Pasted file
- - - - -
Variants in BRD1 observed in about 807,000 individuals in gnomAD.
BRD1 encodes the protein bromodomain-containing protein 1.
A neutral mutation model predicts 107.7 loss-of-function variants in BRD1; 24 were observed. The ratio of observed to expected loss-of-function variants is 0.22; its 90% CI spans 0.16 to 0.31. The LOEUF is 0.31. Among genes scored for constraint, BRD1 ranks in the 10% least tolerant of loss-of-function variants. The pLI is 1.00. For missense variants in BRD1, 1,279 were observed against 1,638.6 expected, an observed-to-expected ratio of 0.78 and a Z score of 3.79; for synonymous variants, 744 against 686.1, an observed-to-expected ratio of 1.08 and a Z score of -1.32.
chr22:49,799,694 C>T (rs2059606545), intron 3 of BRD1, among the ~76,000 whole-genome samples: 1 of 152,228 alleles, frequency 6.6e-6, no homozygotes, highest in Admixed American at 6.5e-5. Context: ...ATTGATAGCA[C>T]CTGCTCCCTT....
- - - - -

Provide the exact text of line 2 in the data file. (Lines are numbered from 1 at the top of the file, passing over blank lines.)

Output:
BRD1 encodes the protein bromodomain-containing protein 1.